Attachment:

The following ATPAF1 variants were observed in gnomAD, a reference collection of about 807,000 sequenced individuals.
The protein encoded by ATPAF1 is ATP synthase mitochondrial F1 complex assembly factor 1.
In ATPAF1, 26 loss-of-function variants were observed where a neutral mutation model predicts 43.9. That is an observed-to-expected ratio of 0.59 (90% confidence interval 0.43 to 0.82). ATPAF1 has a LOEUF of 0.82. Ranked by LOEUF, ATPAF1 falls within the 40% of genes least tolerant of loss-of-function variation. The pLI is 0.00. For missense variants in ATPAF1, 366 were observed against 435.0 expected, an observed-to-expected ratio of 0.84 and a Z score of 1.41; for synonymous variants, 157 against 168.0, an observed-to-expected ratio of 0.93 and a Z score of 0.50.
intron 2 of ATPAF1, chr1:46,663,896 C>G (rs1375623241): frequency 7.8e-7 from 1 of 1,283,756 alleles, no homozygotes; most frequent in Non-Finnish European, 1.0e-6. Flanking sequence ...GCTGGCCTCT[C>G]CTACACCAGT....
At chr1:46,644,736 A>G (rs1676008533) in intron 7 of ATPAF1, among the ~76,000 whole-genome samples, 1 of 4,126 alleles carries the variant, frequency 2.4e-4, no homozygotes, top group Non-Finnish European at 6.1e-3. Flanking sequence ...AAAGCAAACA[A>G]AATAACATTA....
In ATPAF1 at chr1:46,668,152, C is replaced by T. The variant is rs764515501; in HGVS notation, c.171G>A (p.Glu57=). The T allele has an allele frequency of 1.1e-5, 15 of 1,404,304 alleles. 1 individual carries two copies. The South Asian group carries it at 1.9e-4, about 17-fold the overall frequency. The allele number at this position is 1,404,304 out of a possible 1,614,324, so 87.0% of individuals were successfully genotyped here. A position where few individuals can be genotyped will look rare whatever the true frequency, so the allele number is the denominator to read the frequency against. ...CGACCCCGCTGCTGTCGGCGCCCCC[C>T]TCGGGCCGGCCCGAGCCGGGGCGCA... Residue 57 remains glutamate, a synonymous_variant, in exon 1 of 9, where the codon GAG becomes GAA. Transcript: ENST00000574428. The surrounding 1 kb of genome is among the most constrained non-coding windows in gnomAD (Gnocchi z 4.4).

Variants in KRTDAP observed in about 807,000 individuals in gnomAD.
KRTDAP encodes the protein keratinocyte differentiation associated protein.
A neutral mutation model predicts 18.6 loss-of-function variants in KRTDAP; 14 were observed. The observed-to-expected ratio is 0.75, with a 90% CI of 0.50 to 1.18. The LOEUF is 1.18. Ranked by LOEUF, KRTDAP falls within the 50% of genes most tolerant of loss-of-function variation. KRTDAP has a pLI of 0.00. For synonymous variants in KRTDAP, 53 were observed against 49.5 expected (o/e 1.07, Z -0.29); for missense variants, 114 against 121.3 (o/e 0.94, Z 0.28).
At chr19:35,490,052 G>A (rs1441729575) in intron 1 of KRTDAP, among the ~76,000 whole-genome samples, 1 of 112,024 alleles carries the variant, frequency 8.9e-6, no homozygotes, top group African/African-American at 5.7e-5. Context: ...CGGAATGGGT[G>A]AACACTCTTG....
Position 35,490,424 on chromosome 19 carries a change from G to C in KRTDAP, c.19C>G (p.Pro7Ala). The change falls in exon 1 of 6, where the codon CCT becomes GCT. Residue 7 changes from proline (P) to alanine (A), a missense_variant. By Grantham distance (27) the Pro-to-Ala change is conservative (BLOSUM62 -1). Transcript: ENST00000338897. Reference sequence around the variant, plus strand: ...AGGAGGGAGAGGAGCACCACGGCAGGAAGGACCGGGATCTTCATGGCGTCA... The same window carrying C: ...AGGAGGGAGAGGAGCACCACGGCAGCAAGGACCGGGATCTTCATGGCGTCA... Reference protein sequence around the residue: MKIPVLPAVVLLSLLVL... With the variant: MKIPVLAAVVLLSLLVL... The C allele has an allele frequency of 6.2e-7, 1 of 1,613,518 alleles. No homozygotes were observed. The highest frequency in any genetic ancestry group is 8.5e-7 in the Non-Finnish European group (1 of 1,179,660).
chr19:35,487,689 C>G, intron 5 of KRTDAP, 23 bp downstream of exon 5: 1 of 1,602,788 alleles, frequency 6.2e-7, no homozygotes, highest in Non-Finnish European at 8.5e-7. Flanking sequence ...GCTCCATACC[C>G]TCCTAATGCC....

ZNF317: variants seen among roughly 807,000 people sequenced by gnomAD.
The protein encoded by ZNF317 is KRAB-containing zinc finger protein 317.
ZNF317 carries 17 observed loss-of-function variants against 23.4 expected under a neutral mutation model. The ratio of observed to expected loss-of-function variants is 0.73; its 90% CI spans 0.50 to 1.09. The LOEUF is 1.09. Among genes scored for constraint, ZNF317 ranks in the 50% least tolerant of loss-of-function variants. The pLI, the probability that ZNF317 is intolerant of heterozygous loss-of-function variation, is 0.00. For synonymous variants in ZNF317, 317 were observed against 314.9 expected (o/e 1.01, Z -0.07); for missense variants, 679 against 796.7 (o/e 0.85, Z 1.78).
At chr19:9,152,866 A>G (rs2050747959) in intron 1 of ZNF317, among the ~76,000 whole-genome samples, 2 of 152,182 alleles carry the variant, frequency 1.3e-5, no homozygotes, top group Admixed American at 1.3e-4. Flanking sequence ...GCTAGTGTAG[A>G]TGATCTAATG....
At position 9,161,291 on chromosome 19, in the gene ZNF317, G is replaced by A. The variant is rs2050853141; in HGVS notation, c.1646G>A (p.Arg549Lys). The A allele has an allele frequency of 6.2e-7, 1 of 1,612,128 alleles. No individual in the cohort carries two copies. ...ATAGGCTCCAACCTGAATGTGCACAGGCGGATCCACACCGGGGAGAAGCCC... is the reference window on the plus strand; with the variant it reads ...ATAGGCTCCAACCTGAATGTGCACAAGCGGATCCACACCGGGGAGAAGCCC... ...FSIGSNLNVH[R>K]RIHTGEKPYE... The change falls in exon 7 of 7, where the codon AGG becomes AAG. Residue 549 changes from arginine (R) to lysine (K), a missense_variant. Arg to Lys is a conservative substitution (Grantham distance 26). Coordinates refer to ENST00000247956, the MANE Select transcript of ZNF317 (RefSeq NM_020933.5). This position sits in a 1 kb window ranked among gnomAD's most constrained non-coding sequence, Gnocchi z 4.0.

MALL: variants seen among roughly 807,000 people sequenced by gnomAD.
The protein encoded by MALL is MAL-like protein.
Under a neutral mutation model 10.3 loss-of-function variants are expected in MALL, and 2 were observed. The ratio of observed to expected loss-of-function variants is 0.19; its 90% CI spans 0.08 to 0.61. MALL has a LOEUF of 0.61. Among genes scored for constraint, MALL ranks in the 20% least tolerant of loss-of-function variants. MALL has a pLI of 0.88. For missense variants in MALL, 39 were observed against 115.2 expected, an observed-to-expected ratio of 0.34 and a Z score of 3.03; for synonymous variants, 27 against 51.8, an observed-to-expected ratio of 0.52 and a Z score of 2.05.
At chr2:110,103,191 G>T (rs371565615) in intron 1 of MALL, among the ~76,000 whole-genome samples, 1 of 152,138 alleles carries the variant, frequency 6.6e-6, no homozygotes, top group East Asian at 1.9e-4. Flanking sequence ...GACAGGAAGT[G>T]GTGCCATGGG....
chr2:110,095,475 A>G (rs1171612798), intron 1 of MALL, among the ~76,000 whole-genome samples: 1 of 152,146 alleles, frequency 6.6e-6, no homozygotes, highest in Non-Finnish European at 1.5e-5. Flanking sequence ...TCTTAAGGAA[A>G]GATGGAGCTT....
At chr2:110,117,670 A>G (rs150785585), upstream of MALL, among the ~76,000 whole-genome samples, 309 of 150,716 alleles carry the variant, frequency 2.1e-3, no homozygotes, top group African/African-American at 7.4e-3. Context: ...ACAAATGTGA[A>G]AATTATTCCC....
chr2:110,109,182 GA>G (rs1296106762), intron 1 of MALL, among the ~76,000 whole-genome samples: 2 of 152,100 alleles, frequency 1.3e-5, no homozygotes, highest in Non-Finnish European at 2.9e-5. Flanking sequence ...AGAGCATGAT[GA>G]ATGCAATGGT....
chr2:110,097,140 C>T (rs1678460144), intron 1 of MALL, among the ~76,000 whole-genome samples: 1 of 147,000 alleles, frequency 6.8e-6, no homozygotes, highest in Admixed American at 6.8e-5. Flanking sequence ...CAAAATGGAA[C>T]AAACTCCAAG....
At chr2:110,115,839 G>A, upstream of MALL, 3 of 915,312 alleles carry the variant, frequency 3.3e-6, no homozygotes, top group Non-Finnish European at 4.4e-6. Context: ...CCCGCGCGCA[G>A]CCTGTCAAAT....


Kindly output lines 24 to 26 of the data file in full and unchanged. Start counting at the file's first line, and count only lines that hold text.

chr2:110,109,182 GA>G (rs1296106762), intron 1 of MALL, among the ~76,000 whole-genome samples: 2 of 152,100 alleles, frequency 1.3e-5, no homozygotes, highest in Non-Finnish European at 2.9e-5. Flanking sequence ...AGAGCATGAT[GA>G]ATGCAATGGT....
chr2:110,097,140 C>T (rs1678460144), intron 1 of MALL, among the ~76,000 whole-genome samples: 1 of 147,000 alleles, frequency 6.8e-6, no homozygotes, highest in Admixed American at 6.8e-5. Flanking sequence ...CAAAATGGAA[C>T]AAACTCCAAG....
At chr2:110,115,839 G>A, upstream of MALL, 3 of 915,312 alleles carry the variant, frequency 3.3e-6, no homozygotes, top group Non-Finnish European at 4.4e-6. Context: ...CCCGCGCGCA[G>A]CCTGTCAAAT....